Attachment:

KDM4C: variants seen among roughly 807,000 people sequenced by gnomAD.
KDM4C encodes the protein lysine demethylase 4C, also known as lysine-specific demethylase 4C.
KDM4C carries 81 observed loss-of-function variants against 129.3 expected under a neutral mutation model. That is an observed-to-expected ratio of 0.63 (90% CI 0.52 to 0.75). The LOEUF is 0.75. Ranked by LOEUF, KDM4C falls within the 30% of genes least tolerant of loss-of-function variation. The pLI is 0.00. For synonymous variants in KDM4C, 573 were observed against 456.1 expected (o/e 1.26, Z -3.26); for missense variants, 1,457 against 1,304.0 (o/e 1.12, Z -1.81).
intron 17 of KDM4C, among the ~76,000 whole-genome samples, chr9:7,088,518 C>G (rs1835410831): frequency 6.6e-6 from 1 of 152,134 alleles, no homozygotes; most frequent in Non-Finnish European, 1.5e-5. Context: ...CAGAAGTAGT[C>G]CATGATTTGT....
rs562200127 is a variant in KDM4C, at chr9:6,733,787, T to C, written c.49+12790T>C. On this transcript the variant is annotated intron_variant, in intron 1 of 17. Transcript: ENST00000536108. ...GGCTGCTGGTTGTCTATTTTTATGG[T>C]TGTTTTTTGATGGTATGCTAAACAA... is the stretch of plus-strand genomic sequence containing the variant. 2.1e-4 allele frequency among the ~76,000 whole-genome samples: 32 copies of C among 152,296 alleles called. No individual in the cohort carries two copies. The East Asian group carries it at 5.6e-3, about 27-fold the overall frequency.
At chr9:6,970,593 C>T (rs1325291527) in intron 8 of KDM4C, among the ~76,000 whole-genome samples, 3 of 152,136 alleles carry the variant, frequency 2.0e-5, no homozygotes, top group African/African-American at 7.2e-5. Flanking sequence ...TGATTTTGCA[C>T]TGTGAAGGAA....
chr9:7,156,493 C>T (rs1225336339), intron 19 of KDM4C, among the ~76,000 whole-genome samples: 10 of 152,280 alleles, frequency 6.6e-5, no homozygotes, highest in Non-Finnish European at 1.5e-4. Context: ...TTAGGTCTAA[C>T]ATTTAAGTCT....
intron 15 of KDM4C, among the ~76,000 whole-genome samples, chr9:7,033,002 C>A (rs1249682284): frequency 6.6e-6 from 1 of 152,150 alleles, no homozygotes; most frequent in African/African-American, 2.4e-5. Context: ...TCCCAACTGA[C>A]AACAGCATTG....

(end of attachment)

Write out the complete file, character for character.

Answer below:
KDM4C: variants seen among roughly 807,000 people sequenced by gnomAD.
KDM4C encodes the protein lysine demethylase 4C, also known as lysine-specific demethylase 4C.
KDM4C carries 81 observed loss-of-function variants against 129.3 expected under a neutral mutation model. That is an observed-to-expected ratio of 0.63 (90% CI 0.52 to 0.75). The LOEUF is 0.75. Ranked by LOEUF, KDM4C falls within the 30% of genes least tolerant of loss-of-function variation. The pLI is 0.00. For synonymous variants in KDM4C, 573 were observed against 456.1 expected (o/e 1.26, Z -3.26); for missense variants, 1,457 against 1,304.0 (o/e 1.12, Z -1.81).
intron 17 of KDM4C, among the ~76,000 whole-genome samples, chr9:7,088,518 C>G (rs1835410831): frequency 6.6e-6 from 1 of 152,134 alleles, no homozygotes; most frequent in Non-Finnish European, 1.5e-5. Context: ...CAGAAGTAGT[C>G]CATGATTTGT....
rs562200127 is a variant in KDM4C, at chr9:6,733,787, T to C, written c.49+12790T>C. On this transcript the variant is annotated intron_variant, in intron 1 of 17. Transcript: ENST00000536108. ...GGCTGCTGGTTGTCTATTTTTATGG[T>C]TGTTTTTTGATGGTATGCTAAACAA... is the stretch of plus-strand genomic sequence containing the variant. 2.1e-4 allele frequency among the ~76,000 whole-genome samples: 32 copies of C among 152,296 alleles called. No individual in the cohort carries two copies. The East Asian group carries it at 5.6e-3, about 27-fold the overall frequency.
At chr9:6,970,593 C>T (rs1325291527) in intron 8 of KDM4C, among the ~76,000 whole-genome samples, 3 of 152,136 alleles carry the variant, frequency 2.0e-5, no homozygotes, top group African/African-American at 7.2e-5. Flanking sequence ...TGATTTTGCA[C>T]TGTGAAGGAA....
chr9:7,156,493 C>T (rs1225336339), intron 19 of KDM4C, among the ~76,000 whole-genome samples: 10 of 152,280 alleles, frequency 6.6e-5, no homozygotes, highest in Non-Finnish European at 1.5e-4. Context: ...TTAGGTCTAA[C>T]ATTTAAGTCT....
intron 15 of KDM4C, among the ~76,000 whole-genome samples, chr9:7,033,002 C>A (rs1249682284): frequency 6.6e-6 from 1 of 152,150 alleles, no homozygotes; most frequent in African/African-American, 2.4e-5. Context: ...TCCCAACTGA[C>A]AACAGCATTG....